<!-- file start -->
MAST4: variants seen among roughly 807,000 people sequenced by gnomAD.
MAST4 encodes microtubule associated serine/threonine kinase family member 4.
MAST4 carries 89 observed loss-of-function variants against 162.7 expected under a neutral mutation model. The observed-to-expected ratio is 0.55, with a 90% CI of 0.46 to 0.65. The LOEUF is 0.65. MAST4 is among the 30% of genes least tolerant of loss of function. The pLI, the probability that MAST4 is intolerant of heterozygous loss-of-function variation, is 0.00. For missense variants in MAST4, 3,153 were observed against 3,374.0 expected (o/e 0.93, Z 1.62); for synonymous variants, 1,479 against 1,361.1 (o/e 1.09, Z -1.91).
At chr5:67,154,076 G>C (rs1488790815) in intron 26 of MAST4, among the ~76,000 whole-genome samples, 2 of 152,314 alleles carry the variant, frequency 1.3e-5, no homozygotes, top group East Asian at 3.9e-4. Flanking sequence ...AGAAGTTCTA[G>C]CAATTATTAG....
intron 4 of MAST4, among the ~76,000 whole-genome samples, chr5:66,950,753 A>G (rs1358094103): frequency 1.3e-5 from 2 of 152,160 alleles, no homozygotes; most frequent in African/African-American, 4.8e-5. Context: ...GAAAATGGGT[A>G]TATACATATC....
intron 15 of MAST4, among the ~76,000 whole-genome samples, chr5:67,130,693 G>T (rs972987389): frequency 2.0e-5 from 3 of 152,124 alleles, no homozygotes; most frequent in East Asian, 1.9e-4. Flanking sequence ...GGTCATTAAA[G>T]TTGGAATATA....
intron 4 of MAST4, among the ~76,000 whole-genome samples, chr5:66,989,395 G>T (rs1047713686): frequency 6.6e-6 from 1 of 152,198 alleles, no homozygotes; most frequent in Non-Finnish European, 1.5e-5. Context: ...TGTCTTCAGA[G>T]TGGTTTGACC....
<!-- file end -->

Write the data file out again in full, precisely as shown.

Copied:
MAST4: variants seen among roughly 807,000 people sequenced by gnomAD.
MAST4 encodes microtubule associated serine/threonine kinase family member 4.
MAST4 carries 89 observed loss-of-function variants against 162.7 expected under a neutral mutation model. The observed-to-expected ratio is 0.55, with a 90% CI of 0.46 to 0.65. The LOEUF is 0.65. MAST4 is among the 30% of genes least tolerant of loss of function. The pLI, the probability that MAST4 is intolerant of heterozygous loss-of-function variation, is 0.00. For missense variants in MAST4, 3,153 were observed against 3,374.0 expected (o/e 0.93, Z 1.62); for synonymous variants, 1,479 against 1,361.1 (o/e 1.09, Z -1.91).
At chr5:67,154,076 G>C (rs1488790815) in intron 26 of MAST4, among the ~76,000 whole-genome samples, 2 of 152,314 alleles carry the variant, frequency 1.3e-5, no homozygotes, top group East Asian at 3.9e-4. Flanking sequence ...AGAAGTTCTA[G>C]CAATTATTAG....
intron 4 of MAST4, among the ~76,000 whole-genome samples, chr5:66,950,753 A>G (rs1358094103): frequency 1.3e-5 from 2 of 152,160 alleles, no homozygotes; most frequent in African/African-American, 4.8e-5. Context: ...GAAAATGGGT[A>G]TATACATATC....
intron 15 of MAST4, among the ~76,000 whole-genome samples, chr5:67,130,693 G>T (rs972987389): frequency 2.0e-5 from 3 of 152,124 alleles, no homozygotes; most frequent in East Asian, 1.9e-4. Flanking sequence ...GGTCATTAAA[G>T]TTGGAATATA....
intron 4 of MAST4, among the ~76,000 whole-genome samples, chr5:66,989,395 G>T (rs1047713686): frequency 6.6e-6 from 1 of 152,198 alleles, no homozygotes; most frequent in Non-Finnish European, 1.5e-5. Context: ...TGTCTTCAGA[G>T]TGGTTTGACC....